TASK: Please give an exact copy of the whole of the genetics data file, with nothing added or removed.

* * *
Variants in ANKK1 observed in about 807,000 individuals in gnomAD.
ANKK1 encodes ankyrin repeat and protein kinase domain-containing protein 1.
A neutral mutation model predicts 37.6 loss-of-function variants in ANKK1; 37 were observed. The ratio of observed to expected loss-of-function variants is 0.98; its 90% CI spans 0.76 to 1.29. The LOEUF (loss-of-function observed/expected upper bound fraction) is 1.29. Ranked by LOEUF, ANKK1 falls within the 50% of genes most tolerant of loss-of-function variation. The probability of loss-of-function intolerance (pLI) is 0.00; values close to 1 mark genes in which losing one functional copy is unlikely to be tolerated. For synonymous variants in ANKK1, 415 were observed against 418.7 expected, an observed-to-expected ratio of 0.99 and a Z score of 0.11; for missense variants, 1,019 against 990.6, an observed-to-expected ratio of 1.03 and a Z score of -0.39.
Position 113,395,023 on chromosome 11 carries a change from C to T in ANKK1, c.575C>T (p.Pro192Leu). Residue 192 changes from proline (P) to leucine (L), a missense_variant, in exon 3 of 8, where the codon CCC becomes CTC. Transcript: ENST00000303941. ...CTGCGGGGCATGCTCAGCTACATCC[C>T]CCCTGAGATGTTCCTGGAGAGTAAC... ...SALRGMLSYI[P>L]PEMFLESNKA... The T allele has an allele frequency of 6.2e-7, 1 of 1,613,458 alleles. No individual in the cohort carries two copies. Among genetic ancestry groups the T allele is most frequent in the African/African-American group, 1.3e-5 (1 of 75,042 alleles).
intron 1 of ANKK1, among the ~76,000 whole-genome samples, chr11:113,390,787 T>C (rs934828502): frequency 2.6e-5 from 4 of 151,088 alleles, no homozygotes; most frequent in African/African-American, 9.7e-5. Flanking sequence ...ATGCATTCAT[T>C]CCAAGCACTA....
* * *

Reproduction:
Variants in ANKK1 observed in about 807,000 individuals in gnomAD.
ANKK1 encodes ankyrin repeat and protein kinase domain-containing protein 1.
A neutral mutation model predicts 37.6 loss-of-function variants in ANKK1; 37 were observed. The ratio of observed to expected loss-of-function variants is 0.98; its 90% CI spans 0.76 to 1.29. The LOEUF (loss-of-function observed/expected upper bound fraction) is 1.29. Ranked by LOEUF, ANKK1 falls within the 50% of genes most tolerant of loss-of-function variation. The probability of loss-of-function intolerance (pLI) is 0.00; values close to 1 mark genes in which losing one functional copy is unlikely to be tolerated. For synonymous variants in ANKK1, 415 were observed against 418.7 expected, an observed-to-expected ratio of 0.99 and a Z score of 0.11; for missense variants, 1,019 against 990.6, an observed-to-expected ratio of 1.03 and a Z score of -0.39.
Position 113,395,023 on chromosome 11 carries a change from C to T in ANKK1, c.575C>T (p.Pro192Leu). Residue 192 changes from proline (P) to leucine (L), a missense_variant, in exon 3 of 8, where the codon CCC becomes CTC. Transcript: ENST00000303941. ...CTGCGGGGCATGCTCAGCTACATCC[C>T]CCCTGAGATGTTCCTGGAGAGTAAC... ...SALRGMLSYI[P>L]PEMFLESNKA... The T allele has an allele frequency of 6.2e-7, 1 of 1,613,458 alleles. No individual in the cohort carries two copies. Among genetic ancestry groups the T allele is most frequent in the African/African-American group, 1.3e-5 (1 of 75,042 alleles).
intron 1 of ANKK1, among the ~76,000 whole-genome samples, chr11:113,390,787 T>C (rs934828502): frequency 2.6e-5 from 4 of 151,088 alleles, no homozygotes; most frequent in African/African-American, 9.7e-5. Flanking sequence ...ATGCATTCAT[T>C]CCAAGCACTA....